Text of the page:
The 11th of September, 2001 was a very emotionally draining day for me, and the attack on our great nation was only the half of it.

I had woken up early and I got a good breakfast, for today was my first day of work at McLoed USA.  It was my first full-time job since getting home from an LDS Mission; up until then, I had been working many temporary jobs.  I can’t remember if someone dropped me off, or if I took the bus, but the building itself was less than 5 miles away from my home.  I waited nervously in the lobby with about a dozen other new employees as we waited to be escorted in on our first day.  It was about 6:55 am MST, when someone had opened the door for us to enter the call floor, and we were routed into the training room.

Upon entering the training room, the trainer and a couple other managers were sitting aghast with their eyes peeled toward the television hanging in the corner of the room.  I couldn’t see the TV yet, so I quickly sat down at a front-row seat on the opposite side of the room so I too could see what they were looking at so intensely.  By now it was about 7:00 am MST, and as I sat down, the image on the screen had numbed me from the inside.  Was this a movie they were watching?  There’s no way this is real!  I was looking at a live video image of the World Trade Center and smoke was billowing out of one of them.  Before I could figure out what was going on, I screamed as we all watched the second tower get hit by a 767.

After the initial shock had worn off, and after marveling at the images we had all seen on the TV, the managers had decided to close the call center and let us all go home to be with our families, as we didn’t know what to expect for the rest of the day.  I didn’t really think about much as I walked home.  It took me a while to get home, and when I did, I had quickly learned about the attack on the Pentagon.  Then it wasn’t long before the first tower of the World Trade Center had collapsed.  Watching it was very surreal.  I would replay that clip over and over in my mind for many years to come.

For the rest of the day, I was in sort of a trance.  I didn’t really understand everything that was going on; I didn’t really know what the future would hold for me; I was racked with the horror that there might be more attacks, and I had the idea that they would never stop, and that this was the beginning of World War III.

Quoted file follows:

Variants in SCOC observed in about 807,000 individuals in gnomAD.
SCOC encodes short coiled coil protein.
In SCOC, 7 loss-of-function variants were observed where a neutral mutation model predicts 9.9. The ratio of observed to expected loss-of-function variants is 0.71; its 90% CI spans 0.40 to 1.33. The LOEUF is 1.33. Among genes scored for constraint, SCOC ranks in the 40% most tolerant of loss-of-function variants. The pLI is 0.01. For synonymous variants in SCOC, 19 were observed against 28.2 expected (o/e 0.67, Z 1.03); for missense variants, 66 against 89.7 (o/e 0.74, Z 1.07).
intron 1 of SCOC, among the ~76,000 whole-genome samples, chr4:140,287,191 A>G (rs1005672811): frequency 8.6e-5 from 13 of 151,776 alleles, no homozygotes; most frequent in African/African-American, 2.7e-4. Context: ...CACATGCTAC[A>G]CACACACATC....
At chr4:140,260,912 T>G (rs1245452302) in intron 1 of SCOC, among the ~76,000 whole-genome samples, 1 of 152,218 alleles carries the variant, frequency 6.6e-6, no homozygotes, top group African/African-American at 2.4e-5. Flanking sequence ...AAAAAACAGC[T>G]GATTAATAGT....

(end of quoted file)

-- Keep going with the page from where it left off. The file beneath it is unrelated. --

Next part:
I met up with Dr Squishy for lunch and we just sat there in Burger King for what seemed like forever contemplating what could happen to us.  Were we going to be shoveled off to war to fight whoever has picked this fight?  Things were uncertain, and that was depressing.

The rest of the week was business as usual, or at least it was attempted business as usual.  It took a couple weeks for me to feel less uneasy about the attack.  I will never feel completely at ease about what happened.  I will never fully recover from the live footage that I witnessed that day.

Ten years later, and we are a stronger nation.  We have learned from the attacks, and have made ourselves a better nation.  A nation that does not take crap from anyone!

My deepest condolences go out to all of the people directly and indirectly affected by the terrorist attacks on that day.   May we survive another ten years without pain.


About The Author

Code Monkey Extraordinaire. I like to code, and there’s not many programming languages I don’t know at least at a beginner’s level, though I focus more on web-programming since I believe that’s where the future is.

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  • Heidi

    I forgot that uncertain feeling, feeling. 10 years and it is still fresh in my mind too